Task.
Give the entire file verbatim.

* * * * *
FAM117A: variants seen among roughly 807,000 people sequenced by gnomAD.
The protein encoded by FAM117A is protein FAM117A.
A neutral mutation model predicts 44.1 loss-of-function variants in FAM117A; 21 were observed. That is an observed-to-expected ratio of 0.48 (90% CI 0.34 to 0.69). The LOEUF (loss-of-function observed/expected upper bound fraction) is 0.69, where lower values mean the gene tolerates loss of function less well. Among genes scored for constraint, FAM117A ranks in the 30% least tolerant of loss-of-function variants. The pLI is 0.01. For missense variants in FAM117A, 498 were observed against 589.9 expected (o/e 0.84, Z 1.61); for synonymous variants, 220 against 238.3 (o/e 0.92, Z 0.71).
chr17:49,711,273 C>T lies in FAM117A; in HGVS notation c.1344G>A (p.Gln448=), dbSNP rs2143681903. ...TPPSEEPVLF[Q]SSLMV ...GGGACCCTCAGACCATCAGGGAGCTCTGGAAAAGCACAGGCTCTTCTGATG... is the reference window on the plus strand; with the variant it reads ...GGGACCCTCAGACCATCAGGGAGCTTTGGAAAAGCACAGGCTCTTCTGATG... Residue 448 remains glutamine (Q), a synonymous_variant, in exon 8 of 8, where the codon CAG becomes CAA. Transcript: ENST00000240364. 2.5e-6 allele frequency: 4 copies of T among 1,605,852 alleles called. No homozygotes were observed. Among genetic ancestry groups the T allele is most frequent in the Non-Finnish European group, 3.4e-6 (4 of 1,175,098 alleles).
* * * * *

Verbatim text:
FAM117A: variants seen among roughly 807,000 people sequenced by gnomAD.
The protein encoded by FAM117A is protein FAM117A.
A neutral mutation model predicts 44.1 loss-of-function variants in FAM117A; 21 were observed. That is an observed-to-expected ratio of 0.48 (90% CI 0.34 to 0.69). The LOEUF (loss-of-function observed/expected upper bound fraction) is 0.69, where lower values mean the gene tolerates loss of function less well. Among genes scored for constraint, FAM117A ranks in the 30% least tolerant of loss-of-function variants. The pLI is 0.01. For missense variants in FAM117A, 498 were observed against 589.9 expected (o/e 0.84, Z 1.61); for synonymous variants, 220 against 238.3 (o/e 0.92, Z 0.71).
chr17:49,711,273 C>T lies in FAM117A; in HGVS notation c.1344G>A (p.Gln448=), dbSNP rs2143681903. ...TPPSEEPVLF[Q]SSLMV ...GGGACCCTCAGACCATCAGGGAGCTCTGGAAAAGCACAGGCTCTTCTGATG... is the reference window on the plus strand; with the variant it reads ...GGGACCCTCAGACCATCAGGGAGCTTTGGAAAAGCACAGGCTCTTCTGATG... Residue 448 remains glutamine (Q), a synonymous_variant, in exon 8 of 8, where the codon CAG becomes CAA. Transcript: ENST00000240364. 2.5e-6 allele frequency: 4 copies of T among 1,605,852 alleles called. No homozygotes were observed. Among genetic ancestry groups the T allele is most frequent in the Non-Finnish European group, 3.4e-6 (4 of 1,175,098 alleles).